Additional Information on Solidarity

In its 1986 founding statement, Solidarity:

  • stated that “the escalation of [American] ‘defense’ spending is part of the effort to construct a consensus for policing the Third World, under the cover of stopping ‘Soviet expansionism'”;
  • denounced “U.S. imperialist intervention in the Third World, its continued colonial occupation of Puerto Rico and the Micronesian archipelago, and its arms buildup which threatens humankind with annihilation”;
  • asserted that “In Central America, whether the United States government is backing death squads or the ultra-right or Christian Democratic ‘reform’ from above, its objectives remain the same”;
  • charged that “in South Africa, ‘constructive engagement’ and the mildest of cosmetic sanctions against apartheid are two sides of the same pro-racist U.S. policy”;
  • claimed that America’s “client dictators” around the world “retain the full support of the U.S., regardless of how alienated and hated they are within their own countries, unless repression fails and the threat of revolution from within undermines ‘stability'”;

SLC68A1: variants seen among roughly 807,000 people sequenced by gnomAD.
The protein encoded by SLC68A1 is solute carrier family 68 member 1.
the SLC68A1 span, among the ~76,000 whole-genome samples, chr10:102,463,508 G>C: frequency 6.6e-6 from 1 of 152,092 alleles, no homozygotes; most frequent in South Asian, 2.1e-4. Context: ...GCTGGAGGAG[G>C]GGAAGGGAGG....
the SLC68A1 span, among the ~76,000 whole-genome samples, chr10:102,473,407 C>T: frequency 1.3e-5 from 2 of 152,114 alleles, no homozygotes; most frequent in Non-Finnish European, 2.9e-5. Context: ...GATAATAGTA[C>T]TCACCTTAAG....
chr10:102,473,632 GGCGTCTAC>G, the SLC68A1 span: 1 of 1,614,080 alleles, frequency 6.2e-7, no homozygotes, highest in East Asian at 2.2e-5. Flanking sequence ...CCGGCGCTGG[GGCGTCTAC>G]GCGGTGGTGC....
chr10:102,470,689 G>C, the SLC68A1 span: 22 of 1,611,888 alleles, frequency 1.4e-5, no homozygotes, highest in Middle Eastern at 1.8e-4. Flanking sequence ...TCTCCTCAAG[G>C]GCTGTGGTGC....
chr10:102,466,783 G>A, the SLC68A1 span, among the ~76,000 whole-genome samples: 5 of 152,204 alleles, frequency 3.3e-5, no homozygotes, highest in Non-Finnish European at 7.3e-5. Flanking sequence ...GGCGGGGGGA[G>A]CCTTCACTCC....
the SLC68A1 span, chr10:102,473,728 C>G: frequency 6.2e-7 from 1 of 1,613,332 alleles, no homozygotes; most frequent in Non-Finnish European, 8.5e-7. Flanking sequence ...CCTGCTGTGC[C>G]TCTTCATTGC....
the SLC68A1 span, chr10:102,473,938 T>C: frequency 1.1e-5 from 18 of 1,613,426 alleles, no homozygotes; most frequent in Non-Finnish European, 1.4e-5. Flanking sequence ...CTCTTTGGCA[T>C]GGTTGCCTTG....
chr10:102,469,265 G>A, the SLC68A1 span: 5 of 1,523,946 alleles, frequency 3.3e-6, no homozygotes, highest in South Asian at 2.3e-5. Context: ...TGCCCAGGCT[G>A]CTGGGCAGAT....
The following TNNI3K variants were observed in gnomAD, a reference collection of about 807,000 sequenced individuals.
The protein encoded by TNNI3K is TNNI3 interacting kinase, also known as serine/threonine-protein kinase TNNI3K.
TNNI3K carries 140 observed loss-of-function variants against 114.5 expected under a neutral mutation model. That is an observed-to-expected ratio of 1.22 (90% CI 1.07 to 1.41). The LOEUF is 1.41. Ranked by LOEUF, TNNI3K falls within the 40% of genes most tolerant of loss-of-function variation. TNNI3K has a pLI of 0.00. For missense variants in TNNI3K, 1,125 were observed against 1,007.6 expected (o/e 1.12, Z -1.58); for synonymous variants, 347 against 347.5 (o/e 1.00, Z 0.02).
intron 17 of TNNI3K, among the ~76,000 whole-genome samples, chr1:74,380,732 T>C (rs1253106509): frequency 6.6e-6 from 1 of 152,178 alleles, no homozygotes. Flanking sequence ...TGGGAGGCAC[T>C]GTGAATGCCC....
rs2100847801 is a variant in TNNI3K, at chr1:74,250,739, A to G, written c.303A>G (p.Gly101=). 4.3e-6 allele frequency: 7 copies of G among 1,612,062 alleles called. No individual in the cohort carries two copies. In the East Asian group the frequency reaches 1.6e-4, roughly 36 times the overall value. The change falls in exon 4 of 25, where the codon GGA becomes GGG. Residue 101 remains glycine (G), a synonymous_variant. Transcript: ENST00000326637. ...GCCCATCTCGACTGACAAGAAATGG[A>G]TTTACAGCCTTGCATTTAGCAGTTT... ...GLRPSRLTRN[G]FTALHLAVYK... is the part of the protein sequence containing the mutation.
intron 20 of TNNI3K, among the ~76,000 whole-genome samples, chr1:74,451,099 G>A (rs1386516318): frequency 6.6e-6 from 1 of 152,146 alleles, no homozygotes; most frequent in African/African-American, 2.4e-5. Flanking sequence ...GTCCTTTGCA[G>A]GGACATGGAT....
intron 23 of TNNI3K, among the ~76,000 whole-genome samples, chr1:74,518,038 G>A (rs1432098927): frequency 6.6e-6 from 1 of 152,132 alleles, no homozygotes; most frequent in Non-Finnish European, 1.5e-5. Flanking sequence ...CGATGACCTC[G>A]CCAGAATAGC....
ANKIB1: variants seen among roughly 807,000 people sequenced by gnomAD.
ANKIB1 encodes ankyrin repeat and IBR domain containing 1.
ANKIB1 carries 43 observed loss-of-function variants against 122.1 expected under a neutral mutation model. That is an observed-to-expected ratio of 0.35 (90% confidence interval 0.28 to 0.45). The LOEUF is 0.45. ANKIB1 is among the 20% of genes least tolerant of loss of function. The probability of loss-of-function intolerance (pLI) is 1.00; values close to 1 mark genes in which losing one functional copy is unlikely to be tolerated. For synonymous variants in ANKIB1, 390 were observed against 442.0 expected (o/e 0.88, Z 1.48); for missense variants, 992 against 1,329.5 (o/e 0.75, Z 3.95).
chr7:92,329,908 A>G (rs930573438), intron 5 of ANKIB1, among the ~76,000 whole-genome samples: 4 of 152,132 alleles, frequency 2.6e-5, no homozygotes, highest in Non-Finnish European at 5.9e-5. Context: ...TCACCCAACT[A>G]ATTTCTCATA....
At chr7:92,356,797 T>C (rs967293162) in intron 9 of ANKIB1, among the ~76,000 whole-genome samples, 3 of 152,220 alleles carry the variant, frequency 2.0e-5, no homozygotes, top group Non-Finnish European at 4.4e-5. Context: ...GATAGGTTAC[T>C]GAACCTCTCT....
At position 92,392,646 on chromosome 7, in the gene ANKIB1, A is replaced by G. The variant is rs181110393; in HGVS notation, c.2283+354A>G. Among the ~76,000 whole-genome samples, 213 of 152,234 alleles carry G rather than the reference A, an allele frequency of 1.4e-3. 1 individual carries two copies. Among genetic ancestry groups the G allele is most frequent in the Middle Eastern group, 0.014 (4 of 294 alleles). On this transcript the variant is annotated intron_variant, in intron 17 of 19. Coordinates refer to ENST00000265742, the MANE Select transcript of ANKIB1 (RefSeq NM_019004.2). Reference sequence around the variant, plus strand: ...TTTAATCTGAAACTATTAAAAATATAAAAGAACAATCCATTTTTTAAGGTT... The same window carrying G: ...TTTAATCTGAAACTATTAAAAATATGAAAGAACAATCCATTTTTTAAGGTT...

• declared that “in the Middle East, the United States, together with its ally and junior partner Israel act [sic] in concert to suppress all expressions of the Palestinian peoples’ nationhood and aspirations for justice and human rights”;
  • complained that “unlimited U.S. military and economic support to Israel are the underpinning both for Zionist expansionism in the Middle East and for Israel’s increasing global role in Third World repression, including the genocide in Guatemala”;
  • stated that “racism and national oppression have been cornerstones of U.S. capitalism since its inception”;
  • charged that “the exploitation of nonwhite peoples—both within its [America’s] borders and in the colonial and neocolonial worlds—has served as a source of profit for the U.S. ruling class as well as a political tool to maintain its dominance”;
  • and lamented “the historic oppression” and “virulent racism” that historically led blacks, Native Americans, Chicanos, Puerto Ricans, Asians, and Arab-Americans to each “for[m] their [own] particular identity as oppressed nationalities.”
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